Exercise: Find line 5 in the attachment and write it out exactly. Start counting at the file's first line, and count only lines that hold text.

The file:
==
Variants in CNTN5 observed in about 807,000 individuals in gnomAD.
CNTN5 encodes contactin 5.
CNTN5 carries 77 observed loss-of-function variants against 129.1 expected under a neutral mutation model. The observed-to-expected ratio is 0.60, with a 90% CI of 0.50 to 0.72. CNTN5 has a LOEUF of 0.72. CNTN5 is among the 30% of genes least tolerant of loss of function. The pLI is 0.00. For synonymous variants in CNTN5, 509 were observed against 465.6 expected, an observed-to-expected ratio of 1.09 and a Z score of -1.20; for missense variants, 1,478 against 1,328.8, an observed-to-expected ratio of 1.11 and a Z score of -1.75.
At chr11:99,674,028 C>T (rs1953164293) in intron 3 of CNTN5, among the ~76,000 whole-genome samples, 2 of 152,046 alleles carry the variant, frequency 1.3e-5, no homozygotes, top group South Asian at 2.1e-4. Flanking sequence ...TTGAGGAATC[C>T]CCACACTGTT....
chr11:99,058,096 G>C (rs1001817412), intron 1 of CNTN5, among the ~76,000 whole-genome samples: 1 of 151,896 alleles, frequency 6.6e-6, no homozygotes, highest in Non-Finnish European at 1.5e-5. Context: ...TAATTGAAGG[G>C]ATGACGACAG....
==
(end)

chr11:99,058,096 G>C (rs1001817412), intron 1 of CNTN5, among the ~76,000 whole-genome samples: 1 of 151,896 alleles, frequency 6.6e-6, no homozygotes, highest in Non-Finnish European at 1.5e-5. Context: ...TAATTGAAGG[G>C]ATGACGACAG....